Worker caught taking 3 hour naps at work - every day

Worker caught taking 3 hour naps at work - every day

It can be very tempting to try to grab forty winks at your desk – especially during the heatwave.

However, one California woman took her power naps to the extreme by nodding off every single work day for three hours, costing her employer over £30,000.

Four witnesses told investigators from the California State Auditor’s office that they had complained to the DMV office where they worked about their colleague slacking off, but no disciplinary action was taken.

According to the Misuse of State Time, Economically Wasteful Activities, and Misuse of State Property report, it is estimated the wasted time cost the State of California over $40,000 (£30,309.40).

The report also uncovered other employee misbehaviours, including an employee who would regularly leave work 45 minutes early, someone who used staff under his command to build “an unauthorised structure on state property,” and two employees who failed to account for more than 5,100 hours of work.

However, the Sacramento Bee reports that the DMV worker who slept at her desk might have had a medical condition that made it difficult for her to work on a regular schedule. In 2016, her doctor informed the department that she could not perform the duties the job required.

So, what can HR do if they have an employee who needs to take extended breaks because of a medical condition?

Flexible working options could help in such circumstances – allowing the employee to work hours when they are feeling well and take a break in the middle of the day for the rest they need.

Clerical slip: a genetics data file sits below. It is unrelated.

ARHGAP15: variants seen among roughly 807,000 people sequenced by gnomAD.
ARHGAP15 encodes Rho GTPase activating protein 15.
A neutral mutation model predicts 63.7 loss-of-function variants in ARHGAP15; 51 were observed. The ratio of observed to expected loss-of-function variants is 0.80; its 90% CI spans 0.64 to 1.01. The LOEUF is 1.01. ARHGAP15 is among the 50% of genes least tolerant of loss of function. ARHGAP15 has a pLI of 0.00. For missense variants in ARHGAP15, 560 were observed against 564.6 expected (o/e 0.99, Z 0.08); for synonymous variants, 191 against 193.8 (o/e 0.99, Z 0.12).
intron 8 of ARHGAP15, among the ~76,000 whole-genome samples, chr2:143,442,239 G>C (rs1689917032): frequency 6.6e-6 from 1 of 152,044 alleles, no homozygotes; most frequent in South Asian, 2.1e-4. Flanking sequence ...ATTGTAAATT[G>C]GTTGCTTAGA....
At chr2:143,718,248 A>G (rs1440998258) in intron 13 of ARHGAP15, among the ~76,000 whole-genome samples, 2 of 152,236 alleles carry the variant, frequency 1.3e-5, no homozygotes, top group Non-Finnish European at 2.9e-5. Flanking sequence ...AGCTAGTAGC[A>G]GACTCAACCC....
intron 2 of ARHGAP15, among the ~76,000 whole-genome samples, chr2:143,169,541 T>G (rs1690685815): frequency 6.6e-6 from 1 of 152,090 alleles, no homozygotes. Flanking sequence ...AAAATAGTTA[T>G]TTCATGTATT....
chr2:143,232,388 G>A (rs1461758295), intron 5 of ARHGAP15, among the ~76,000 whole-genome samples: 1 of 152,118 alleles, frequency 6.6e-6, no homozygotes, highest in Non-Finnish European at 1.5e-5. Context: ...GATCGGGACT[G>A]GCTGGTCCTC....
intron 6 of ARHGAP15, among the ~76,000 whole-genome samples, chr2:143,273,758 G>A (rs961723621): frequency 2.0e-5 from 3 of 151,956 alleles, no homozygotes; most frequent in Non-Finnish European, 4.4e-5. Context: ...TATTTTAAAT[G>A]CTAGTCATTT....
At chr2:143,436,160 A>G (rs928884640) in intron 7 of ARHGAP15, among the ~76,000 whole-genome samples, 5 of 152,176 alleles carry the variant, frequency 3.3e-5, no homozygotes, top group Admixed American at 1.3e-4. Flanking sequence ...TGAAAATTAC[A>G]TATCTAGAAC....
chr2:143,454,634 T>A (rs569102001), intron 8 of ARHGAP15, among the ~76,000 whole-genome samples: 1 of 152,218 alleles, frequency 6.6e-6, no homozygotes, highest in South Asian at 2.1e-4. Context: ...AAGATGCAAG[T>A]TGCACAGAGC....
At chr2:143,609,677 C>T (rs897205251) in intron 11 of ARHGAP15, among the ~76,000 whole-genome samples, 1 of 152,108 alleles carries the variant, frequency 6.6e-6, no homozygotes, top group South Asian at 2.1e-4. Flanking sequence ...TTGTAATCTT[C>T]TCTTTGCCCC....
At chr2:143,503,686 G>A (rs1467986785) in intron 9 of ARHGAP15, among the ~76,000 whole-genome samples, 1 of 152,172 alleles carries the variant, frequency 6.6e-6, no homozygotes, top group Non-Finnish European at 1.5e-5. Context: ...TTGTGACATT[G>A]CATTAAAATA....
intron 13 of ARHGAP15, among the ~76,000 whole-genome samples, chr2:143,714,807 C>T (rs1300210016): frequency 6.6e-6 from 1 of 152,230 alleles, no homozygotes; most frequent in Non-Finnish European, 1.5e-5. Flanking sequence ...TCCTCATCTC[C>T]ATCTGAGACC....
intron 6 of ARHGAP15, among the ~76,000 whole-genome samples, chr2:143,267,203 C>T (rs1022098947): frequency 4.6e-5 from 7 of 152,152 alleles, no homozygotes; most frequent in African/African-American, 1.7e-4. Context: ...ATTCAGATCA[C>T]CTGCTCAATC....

In some cultures, sleeping at work isn’t viewed as slacking off. In Japan, for example, dozing off while on duty shows you’ve worked so hard that you’ve worn yourself out – and is so widely known it has its own name, ‘inemuri’.

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And Mike Blake, Director at Willis Towers Watson Health & Benefits, previously told HR Grapevine that employers should encourage their employees to get an appropriate amount of sleep as part of their wellbeing programme.

“By placing an emphasis on the importance of sufficient sleep, workers will also feel more comfortable approaching managers about fatigue and solutions can be found, such as meditative practices, review of workloads or flexible working hours,” he explained.

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Comments (1)

  • VeniVidiVici
    Thu, 26 Jul 2018 1:26pm BST
    I half expected the article to about the ridiculous situation (UK) where the court of appeal has ruled that care workers who sleep in whilst caring for elderly people etc, have the hours they are asleep discounted for minimum earnings level calculations.

    Disgraceful in the extreme!

    Mind you does this mean MP's and Lords will have their salaries deducted as they sleep through sessions in the House of Commons and House of Lords?

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